UK got its start when co-founders Singer and Cullen Gilchrist, who also co-own the Blind Dog Café in NW DC, wanted to expend the café’s bakery business. They found UK’s building, formerly a production facility for Moby Dick’s House of Kebab, and couldn’t pass it up despite its unnecessarily large size.
“It’s really hard to find a kitchen in this city,” Singer said. “We didn’t need all the space for ourselves. We took out a lease and figured out what we’d do with it after the fact.”
Now the for-profit venture has at least 35 paying, monthly members who use the kitchen space to perfect their products and increase their production. They share expertise and advice, creating a thriving culinary network that will eventually stretch throughout the city.
“We’ve built a nice community of folks around here that are very supportive of each other and want to see each other succeed,” said Singer.
CreativeMornings is a monthly, free breakfast lecture series, started by swissmiss (swiss-miss.com) in NYC. Jonas Singer gave the July lecture, where he spoke about the vision and challenges of starting the Blind Dog Cafe, 2B Studios, and Union Kitchen. Check out his talk here!
Each cheapest generic cialis Creative Mornings event includes a 20 minute lecture, followed by a 20 minute group discussion. The gathering begins at 8:30am with the topic presentation starting at 9:00am and everyone taking off for work at 10am. CreativeMornings are free of charge! Find out more at http://www.creativemornings.com/
Wes from Los Verracos has official been crowned the Washington DC king-of-all-things-dulce-de-leche. Check out this Scoutmob article on Los Verracos sweet treats!
Working out of DC’s Union Kitchen, which provides plenty of support and business advice, says Wesley, the Los Verracos duo does everything by hand and uses recipes they gather from friends and family. “We started with two other friends of mine before moving to DC a couple years ago, and I grew up eating Caribbean and Latin American food; I’m half Puerto Rican and half Guyanese. And then because I grew up in New Jersey, I was also surrounded by Italian food, so that also influences me, too,” said Wesley.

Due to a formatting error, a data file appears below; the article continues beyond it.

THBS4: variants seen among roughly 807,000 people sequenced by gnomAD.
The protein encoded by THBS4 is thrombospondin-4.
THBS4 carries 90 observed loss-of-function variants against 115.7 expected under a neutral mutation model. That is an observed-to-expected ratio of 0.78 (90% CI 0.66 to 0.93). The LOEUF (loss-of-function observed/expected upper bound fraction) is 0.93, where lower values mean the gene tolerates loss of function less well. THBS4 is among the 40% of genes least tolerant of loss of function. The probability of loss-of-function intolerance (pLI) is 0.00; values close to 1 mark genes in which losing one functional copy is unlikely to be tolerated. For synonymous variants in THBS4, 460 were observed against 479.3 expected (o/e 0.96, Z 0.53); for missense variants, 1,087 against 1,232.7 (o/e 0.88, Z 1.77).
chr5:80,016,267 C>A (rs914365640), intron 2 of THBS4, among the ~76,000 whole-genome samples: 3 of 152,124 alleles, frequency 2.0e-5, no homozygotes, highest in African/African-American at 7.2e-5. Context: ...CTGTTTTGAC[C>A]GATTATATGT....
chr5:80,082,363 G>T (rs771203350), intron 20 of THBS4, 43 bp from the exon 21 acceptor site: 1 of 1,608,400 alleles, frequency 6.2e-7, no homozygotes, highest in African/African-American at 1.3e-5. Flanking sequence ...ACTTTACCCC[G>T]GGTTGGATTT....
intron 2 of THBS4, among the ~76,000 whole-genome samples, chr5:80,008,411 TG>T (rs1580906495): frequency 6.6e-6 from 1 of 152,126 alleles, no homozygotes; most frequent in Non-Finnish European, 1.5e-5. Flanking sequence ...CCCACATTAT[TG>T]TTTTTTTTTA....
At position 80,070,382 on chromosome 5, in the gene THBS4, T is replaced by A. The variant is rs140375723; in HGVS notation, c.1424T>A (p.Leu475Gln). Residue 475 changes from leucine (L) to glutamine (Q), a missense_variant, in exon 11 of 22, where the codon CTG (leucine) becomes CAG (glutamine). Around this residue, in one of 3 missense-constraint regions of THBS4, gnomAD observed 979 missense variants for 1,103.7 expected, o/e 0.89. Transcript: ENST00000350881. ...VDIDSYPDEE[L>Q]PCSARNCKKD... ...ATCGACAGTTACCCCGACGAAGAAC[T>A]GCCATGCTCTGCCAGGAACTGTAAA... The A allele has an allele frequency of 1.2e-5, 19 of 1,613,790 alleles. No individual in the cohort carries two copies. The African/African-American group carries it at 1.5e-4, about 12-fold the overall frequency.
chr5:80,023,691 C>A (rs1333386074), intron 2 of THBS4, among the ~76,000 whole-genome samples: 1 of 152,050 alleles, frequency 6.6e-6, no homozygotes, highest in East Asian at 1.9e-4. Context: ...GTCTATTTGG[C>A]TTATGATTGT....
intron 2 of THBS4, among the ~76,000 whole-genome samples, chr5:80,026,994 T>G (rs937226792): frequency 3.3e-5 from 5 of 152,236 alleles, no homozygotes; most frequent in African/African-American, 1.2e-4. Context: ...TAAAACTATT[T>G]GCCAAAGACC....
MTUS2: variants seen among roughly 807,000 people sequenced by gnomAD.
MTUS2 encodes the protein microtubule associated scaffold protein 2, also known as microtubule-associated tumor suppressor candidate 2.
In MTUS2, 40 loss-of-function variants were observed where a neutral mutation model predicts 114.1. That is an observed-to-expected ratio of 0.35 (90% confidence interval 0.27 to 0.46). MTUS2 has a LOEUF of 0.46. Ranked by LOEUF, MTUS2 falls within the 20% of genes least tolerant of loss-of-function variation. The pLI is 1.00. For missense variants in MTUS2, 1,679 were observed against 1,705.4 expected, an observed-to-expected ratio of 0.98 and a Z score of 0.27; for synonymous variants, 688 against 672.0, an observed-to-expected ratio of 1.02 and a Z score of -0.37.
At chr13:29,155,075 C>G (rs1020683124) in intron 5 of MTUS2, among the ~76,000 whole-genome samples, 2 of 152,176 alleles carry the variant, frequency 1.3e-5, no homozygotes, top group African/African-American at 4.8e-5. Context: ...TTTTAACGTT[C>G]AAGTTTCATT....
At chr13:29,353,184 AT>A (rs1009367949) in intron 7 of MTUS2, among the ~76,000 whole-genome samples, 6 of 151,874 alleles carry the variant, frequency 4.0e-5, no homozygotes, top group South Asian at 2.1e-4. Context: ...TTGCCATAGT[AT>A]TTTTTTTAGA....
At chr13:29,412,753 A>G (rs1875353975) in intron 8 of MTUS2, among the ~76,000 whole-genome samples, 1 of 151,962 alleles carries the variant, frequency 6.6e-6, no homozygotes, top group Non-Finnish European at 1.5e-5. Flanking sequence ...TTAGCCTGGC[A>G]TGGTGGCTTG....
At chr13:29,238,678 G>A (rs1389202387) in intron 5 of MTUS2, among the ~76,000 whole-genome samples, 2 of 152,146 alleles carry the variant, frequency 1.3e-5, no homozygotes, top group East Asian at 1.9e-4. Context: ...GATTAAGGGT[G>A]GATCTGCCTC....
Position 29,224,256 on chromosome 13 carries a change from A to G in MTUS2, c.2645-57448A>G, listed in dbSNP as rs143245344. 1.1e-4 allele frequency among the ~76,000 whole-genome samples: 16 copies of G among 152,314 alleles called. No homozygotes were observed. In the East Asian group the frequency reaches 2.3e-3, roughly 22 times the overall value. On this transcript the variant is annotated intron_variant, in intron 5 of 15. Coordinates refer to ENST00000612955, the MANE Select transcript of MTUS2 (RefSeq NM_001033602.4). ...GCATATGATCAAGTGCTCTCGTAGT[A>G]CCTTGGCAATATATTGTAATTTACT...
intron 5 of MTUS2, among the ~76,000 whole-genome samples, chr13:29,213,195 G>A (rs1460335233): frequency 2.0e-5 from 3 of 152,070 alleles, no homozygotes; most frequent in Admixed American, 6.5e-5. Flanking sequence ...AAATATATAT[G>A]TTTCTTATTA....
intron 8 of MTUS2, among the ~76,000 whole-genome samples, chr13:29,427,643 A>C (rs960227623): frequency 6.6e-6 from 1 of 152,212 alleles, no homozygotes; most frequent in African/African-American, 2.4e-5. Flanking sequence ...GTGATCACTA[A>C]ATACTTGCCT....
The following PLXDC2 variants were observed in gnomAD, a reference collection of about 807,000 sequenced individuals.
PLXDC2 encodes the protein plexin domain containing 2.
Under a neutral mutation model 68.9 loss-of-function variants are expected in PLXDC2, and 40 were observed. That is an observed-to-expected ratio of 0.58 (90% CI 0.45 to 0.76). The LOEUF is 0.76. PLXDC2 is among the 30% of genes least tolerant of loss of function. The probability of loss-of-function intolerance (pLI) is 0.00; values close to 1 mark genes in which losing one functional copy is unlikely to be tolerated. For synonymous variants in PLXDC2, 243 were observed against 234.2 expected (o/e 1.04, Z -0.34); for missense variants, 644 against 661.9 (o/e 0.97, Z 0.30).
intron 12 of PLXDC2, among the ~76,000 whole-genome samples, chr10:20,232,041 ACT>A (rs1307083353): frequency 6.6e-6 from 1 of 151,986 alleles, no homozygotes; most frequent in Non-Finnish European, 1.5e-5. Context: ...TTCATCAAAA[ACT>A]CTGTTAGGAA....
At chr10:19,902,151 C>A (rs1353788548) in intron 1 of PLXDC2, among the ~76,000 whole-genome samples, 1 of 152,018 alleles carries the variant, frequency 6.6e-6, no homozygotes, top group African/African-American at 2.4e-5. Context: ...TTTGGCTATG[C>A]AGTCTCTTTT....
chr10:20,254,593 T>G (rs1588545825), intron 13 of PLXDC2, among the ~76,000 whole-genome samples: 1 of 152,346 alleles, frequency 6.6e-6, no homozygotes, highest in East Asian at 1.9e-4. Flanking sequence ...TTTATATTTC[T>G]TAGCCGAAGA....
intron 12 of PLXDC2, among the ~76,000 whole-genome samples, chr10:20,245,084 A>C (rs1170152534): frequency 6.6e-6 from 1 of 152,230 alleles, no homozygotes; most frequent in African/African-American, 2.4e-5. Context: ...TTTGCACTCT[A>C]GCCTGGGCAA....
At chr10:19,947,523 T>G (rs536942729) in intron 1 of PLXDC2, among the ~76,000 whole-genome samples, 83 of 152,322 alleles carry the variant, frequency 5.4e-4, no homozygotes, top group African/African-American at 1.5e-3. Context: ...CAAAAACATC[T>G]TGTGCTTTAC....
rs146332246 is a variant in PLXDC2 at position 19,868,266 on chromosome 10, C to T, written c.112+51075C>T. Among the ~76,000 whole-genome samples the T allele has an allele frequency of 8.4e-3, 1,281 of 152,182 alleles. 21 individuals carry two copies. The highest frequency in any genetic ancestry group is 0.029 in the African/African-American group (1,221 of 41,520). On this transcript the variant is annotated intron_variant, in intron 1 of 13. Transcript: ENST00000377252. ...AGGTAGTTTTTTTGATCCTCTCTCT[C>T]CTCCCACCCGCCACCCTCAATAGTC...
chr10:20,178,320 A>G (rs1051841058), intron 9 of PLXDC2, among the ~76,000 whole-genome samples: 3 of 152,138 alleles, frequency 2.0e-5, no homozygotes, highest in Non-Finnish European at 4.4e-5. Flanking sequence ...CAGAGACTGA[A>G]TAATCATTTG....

Most prominently, though, we can thank his mom for instilling in Wesley his passion. “My mom cooked for the family then when I moved on my own, I cooked out of necessity, but found I really enjoyed it,” said Wesley. In viagra side effects fact, he enjoys his craft so much that he manages to squeeze it in on top of a full-time job. “My full-time job isn’t in the food industry,” he said, which to us, makes what Los Verracos has accomplished all the more impressive.
Besides the killer dulce de leche and the corresponding alfajores, which are cookies filled with the sweet stuff, Los Verracos’s specialty is pork, and specifically Pernil, a Puerto Rican pork shoulder recipe that slow-roasts for 20 hours, and Porcetta, a Roman street food. Los Verracos is also working on its series of marinades and sauces, which Wesley and his fiancé are currently looking to package and sell at locally owned stores around town along with their decadent dulce de leche.